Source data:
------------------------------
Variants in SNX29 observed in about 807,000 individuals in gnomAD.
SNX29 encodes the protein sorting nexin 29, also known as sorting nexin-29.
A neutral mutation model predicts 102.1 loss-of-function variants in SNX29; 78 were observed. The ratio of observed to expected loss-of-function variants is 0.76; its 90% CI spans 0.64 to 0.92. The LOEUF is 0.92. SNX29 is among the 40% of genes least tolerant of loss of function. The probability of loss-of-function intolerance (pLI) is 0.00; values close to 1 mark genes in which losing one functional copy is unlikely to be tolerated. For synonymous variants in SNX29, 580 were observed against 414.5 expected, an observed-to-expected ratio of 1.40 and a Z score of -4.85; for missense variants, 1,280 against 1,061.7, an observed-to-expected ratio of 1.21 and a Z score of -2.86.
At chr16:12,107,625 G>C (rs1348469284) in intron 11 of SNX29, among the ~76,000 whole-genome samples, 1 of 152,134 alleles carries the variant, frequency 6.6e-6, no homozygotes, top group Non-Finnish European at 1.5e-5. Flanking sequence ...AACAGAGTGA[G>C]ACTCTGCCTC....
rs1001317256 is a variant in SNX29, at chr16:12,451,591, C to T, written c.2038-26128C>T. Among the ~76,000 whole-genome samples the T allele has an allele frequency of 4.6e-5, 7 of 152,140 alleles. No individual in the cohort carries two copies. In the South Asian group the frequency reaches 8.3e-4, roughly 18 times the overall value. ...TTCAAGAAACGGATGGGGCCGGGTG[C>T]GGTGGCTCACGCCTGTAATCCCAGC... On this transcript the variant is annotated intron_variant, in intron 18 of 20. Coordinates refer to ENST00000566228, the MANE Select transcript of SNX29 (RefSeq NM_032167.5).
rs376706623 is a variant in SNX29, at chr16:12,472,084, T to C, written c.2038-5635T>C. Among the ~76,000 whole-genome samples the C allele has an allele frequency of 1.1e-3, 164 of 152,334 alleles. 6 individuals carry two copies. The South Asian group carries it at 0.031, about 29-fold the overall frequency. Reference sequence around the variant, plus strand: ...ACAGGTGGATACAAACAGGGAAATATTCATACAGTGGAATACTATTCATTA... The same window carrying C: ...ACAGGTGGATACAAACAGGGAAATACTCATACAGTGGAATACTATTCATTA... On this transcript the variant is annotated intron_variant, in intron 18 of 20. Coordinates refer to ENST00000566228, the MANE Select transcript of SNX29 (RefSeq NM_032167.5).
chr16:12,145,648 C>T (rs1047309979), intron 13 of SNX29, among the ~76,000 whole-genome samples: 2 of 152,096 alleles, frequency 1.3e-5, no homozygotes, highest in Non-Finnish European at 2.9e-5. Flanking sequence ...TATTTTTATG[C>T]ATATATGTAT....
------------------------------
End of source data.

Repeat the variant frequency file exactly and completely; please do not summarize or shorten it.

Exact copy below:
Variants in SNX29 observed in about 807,000 individuals in gnomAD.
SNX29 encodes the protein sorting nexin 29, also known as sorting nexin-29.
A neutral mutation model predicts 102.1 loss-of-function variants in SNX29; 78 were observed. The ratio of observed to expected loss-of-function variants is 0.76; its 90% CI spans 0.64 to 0.92. The LOEUF is 0.92. SNX29 is among the 40% of genes least tolerant of loss of function. The probability of loss-of-function intolerance (pLI) is 0.00; values close to 1 mark genes in which losing one functional copy is unlikely to be tolerated. For synonymous variants in SNX29, 580 were observed against 414.5 expected, an observed-to-expected ratio of 1.40 and a Z score of -4.85; for missense variants, 1,280 against 1,061.7, an observed-to-expected ratio of 1.21 and a Z score of -2.86.
At chr16:12,107,625 G>C (rs1348469284) in intron 11 of SNX29, among the ~76,000 whole-genome samples, 1 of 152,134 alleles carries the variant, frequency 6.6e-6, no homozygotes, top group Non-Finnish European at 1.5e-5. Flanking sequence ...AACAGAGTGA[G>C]ACTCTGCCTC....
rs1001317256 is a variant in SNX29, at chr16:12,451,591, C to T, written c.2038-26128C>T. Among the ~76,000 whole-genome samples the T allele has an allele frequency of 4.6e-5, 7 of 152,140 alleles. No individual in the cohort carries two copies. In the South Asian group the frequency reaches 8.3e-4, roughly 18 times the overall value. ...TTCAAGAAACGGATGGGGCCGGGTG[C>T]GGTGGCTCACGCCTGTAATCCCAGC... On this transcript the variant is annotated intron_variant, in intron 18 of 20. Coordinates refer to ENST00000566228, the MANE Select transcript of SNX29 (RefSeq NM_032167.5).
rs376706623 is a variant in SNX29, at chr16:12,472,084, T to C, written c.2038-5635T>C. Among the ~76,000 whole-genome samples the C allele has an allele frequency of 1.1e-3, 164 of 152,334 alleles. 6 individuals carry two copies. The South Asian group carries it at 0.031, about 29-fold the overall frequency. Reference sequence around the variant, plus strand: ...ACAGGTGGATACAAACAGGGAAATATTCATACAGTGGAATACTATTCATTA... The same window carrying C: ...ACAGGTGGATACAAACAGGGAAATACTCATACAGTGGAATACTATTCATTA... On this transcript the variant is annotated intron_variant, in intron 18 of 20. Coordinates refer to ENST00000566228, the MANE Select transcript of SNX29 (RefSeq NM_032167.5).
chr16:12,145,648 C>T (rs1047309979), intron 13 of SNX29, among the ~76,000 whole-genome samples: 2 of 152,096 alleles, frequency 1.3e-5, no homozygotes, highest in Non-Finnish European at 2.9e-5. Flanking sequence ...TATTTTTATG[C>T]ATATATGTAT....